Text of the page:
PEWAUKEE, Wis., Oct. 5 /PRNewswire-USNewswire/ — Not-for-profit credit unions are working alongside financial institutions, businesses, organizations and government to lead the charge in teaching Wisconsin citizens better money management skills during Money Smart Week Wisconsin, Oct. 7-13. In total, more than 700 events are taking place next week across the state, and nearly all come at no cost to the attendees.
“Managing money is a critical life skill, and one that’s needed to reverse the massive growth in personal debt that has created a society that lives on the financial edge,” says Brett Thompson, President & CEO of the Wisconsin Credit Union League, the trade association representing 260 member-owned financial institutions statewide.
He says the observance, begun in 2006 by the Governor’s Council on Financial Literacy, offers citizens an opportunity to attend an event in their area that will offer information and ideas about saving, budgeting, credit, homeownership and much more that can improve a person’s financial position over the long term.
“Financial education is the key to helping people become better prepared to weather the inevitable financial crises of life,” Thompson adds. “Learning to save is a big part of that. But it’s also important to understand the costs of credit and how to build and protect one’s creditworthiness as a means to greater financial security.”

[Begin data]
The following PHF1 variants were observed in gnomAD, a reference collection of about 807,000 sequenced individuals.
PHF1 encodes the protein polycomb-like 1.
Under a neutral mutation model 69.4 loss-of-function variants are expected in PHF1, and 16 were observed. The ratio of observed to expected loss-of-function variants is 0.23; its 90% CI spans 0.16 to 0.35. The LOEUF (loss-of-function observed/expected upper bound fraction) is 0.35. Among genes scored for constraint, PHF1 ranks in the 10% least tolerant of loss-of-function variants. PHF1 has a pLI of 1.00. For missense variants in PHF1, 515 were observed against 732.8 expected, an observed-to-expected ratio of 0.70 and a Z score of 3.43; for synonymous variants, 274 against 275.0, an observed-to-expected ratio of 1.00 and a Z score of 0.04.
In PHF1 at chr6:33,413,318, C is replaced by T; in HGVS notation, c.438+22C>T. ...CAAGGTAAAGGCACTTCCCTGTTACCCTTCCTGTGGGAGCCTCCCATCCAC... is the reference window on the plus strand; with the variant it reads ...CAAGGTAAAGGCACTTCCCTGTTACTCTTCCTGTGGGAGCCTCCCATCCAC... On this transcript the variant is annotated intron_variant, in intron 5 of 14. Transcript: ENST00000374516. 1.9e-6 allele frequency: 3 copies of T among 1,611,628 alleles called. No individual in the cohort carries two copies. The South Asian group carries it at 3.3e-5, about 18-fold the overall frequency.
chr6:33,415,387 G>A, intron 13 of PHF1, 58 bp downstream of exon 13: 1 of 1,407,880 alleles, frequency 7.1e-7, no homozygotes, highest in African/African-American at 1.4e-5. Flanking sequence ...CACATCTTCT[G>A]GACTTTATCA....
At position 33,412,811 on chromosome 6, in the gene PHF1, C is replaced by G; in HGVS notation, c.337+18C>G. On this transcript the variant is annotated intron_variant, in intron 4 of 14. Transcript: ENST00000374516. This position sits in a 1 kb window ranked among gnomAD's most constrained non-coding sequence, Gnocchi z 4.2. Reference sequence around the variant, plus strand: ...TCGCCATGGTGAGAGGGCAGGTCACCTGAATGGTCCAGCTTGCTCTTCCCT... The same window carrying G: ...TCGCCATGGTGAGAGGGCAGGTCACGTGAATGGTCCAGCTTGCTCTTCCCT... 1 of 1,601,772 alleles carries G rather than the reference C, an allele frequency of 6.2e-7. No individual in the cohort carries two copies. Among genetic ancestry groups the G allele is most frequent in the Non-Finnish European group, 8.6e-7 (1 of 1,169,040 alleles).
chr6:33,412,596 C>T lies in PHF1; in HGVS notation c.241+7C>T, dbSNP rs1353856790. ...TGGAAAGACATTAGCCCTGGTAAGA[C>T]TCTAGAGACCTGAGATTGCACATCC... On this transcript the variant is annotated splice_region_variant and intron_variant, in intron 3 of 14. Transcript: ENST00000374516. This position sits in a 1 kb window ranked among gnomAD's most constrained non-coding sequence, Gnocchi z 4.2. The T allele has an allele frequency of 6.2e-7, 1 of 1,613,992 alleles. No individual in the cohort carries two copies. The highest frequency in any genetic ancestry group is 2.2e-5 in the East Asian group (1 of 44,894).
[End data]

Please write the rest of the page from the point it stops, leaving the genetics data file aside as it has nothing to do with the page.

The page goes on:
Credit unions see Money Smart Week as an extension of their REAL Solutions initiative, which helps members and the community without regard for profit. Through the effort, for example, Wisconsin credit unions have provided free to all Wisconsin’s public high schools the brass|STUDENT PROGRAM, whose lifestyle money magazine brass makes personal finance relevant to teens. Other REAL Solutions programs teach consumers to save, avoid financial predators, access low-cost loans, improve creditworthiness and build wealth.
Last year during Money Smart Week Wisconsin more than 460 events were held statewide. Visit http://www.moneysmartwi.org/events/ for a financial learning opportunity near you.
Credit unions are cooperative financial institutions that are owned by their members and do not have stockholders. Because they are not-for-profit, they return earnings to members in the form of more competitive rates of return on accounts, lower interest on loans, lower fees and improved services. Around 2.1 million Wisconsin residents belong to credit unions, of which nearly half are open to the local community. People can find a credit union to join by looking in the phone book or by visiting http://www.creditunion.coop/.